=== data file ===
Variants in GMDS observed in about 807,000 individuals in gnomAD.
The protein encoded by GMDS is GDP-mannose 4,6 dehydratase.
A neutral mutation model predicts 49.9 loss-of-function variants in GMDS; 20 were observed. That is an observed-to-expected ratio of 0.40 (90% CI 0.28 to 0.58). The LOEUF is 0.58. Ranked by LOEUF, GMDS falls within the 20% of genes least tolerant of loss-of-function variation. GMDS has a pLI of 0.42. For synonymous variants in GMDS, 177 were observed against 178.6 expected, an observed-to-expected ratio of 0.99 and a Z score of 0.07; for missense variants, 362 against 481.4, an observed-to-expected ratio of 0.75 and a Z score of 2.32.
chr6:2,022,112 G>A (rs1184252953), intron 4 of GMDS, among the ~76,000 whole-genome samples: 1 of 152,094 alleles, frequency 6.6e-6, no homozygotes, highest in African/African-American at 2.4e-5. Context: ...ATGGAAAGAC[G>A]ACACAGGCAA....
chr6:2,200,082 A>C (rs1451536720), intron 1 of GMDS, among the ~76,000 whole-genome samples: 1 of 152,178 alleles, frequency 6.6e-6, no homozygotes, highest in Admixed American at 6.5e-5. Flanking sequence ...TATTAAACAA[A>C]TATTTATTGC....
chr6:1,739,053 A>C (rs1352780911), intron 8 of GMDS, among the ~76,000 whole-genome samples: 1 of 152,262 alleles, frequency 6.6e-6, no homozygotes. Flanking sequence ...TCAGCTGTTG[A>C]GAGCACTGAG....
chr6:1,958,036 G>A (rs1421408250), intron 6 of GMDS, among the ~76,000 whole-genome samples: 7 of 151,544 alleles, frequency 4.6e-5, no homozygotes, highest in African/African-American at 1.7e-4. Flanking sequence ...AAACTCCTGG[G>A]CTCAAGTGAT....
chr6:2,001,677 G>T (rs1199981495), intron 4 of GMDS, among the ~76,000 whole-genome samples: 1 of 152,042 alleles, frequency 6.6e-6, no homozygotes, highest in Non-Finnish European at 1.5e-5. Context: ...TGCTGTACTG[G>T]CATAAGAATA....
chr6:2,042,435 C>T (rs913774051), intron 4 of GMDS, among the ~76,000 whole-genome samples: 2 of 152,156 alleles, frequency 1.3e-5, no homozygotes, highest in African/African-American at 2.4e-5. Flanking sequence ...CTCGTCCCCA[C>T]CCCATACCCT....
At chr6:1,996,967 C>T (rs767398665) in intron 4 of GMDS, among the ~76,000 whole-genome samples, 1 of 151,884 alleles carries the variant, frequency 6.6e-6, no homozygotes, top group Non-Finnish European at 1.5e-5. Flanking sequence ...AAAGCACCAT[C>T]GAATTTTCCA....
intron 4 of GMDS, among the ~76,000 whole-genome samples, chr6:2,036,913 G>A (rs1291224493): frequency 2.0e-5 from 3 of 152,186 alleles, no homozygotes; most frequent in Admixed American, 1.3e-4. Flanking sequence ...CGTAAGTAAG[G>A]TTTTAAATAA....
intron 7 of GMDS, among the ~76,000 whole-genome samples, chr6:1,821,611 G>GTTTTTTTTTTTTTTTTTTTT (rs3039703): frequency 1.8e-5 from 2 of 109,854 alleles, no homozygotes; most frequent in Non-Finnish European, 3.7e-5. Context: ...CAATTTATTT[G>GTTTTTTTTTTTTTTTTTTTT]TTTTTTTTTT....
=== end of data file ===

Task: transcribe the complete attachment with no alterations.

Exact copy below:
Variants in GMDS observed in about 807,000 individuals in gnomAD.
The protein encoded by GMDS is GDP-mannose 4,6 dehydratase.
A neutral mutation model predicts 49.9 loss-of-function variants in GMDS; 20 were observed. That is an observed-to-expected ratio of 0.40 (90% CI 0.28 to 0.58). The LOEUF is 0.58. Ranked by LOEUF, GMDS falls within the 20% of genes least tolerant of loss-of-function variation. GMDS has a pLI of 0.42. For synonymous variants in GMDS, 177 were observed against 178.6 expected, an observed-to-expected ratio of 0.99 and a Z score of 0.07; for missense variants, 362 against 481.4, an observed-to-expected ratio of 0.75 and a Z score of 2.32.
chr6:2,022,112 G>A (rs1184252953), intron 4 of GMDS, among the ~76,000 whole-genome samples: 1 of 152,094 alleles, frequency 6.6e-6, no homozygotes, highest in African/African-American at 2.4e-5. Context: ...ATGGAAAGAC[G>A]ACACAGGCAA....
chr6:2,200,082 A>C (rs1451536720), intron 1 of GMDS, among the ~76,000 whole-genome samples: 1 of 152,178 alleles, frequency 6.6e-6, no homozygotes, highest in Admixed American at 6.5e-5. Flanking sequence ...TATTAAACAA[A>C]TATTTATTGC....
chr6:1,739,053 A>C (rs1352780911), intron 8 of GMDS, among the ~76,000 whole-genome samples: 1 of 152,262 alleles, frequency 6.6e-6, no homozygotes. Flanking sequence ...TCAGCTGTTG[A>C]GAGCACTGAG....
chr6:1,958,036 G>A (rs1421408250), intron 6 of GMDS, among the ~76,000 whole-genome samples: 7 of 151,544 alleles, frequency 4.6e-5, no homozygotes, highest in African/African-American at 1.7e-4. Flanking sequence ...AAACTCCTGG[G>A]CTCAAGTGAT....
chr6:2,001,677 G>T (rs1199981495), intron 4 of GMDS, among the ~76,000 whole-genome samples: 1 of 152,042 alleles, frequency 6.6e-6, no homozygotes, highest in Non-Finnish European at 1.5e-5. Context: ...TGCTGTACTG[G>T]CATAAGAATA....
chr6:2,042,435 C>T (rs913774051), intron 4 of GMDS, among the ~76,000 whole-genome samples: 2 of 152,156 alleles, frequency 1.3e-5, no homozygotes, highest in African/African-American at 2.4e-5. Flanking sequence ...CTCGTCCCCA[C>T]CCCATACCCT....
At chr6:1,996,967 C>T (rs767398665) in intron 4 of GMDS, among the ~76,000 whole-genome samples, 1 of 151,884 alleles carries the variant, frequency 6.6e-6, no homozygotes, top group Non-Finnish European at 1.5e-5. Flanking sequence ...AAAGCACCAT[C>T]GAATTTTCCA....
intron 4 of GMDS, among the ~76,000 whole-genome samples, chr6:2,036,913 G>A (rs1291224493): frequency 2.0e-5 from 3 of 152,186 alleles, no homozygotes; most frequent in Admixed American, 1.3e-4. Flanking sequence ...CGTAAGTAAG[G>A]TTTTAAATAA....
intron 7 of GMDS, among the ~76,000 whole-genome samples, chr6:1,821,611 G>GTTTTTTTTTTTTTTTTTTTT (rs3039703): frequency 1.8e-5 from 2 of 109,854 alleles, no homozygotes; most frequent in Non-Finnish European, 3.7e-5. Context: ...CAATTTATTT[G>GTTTTTTTTTTTTTTTTTTTT]TTTTTTTTTT....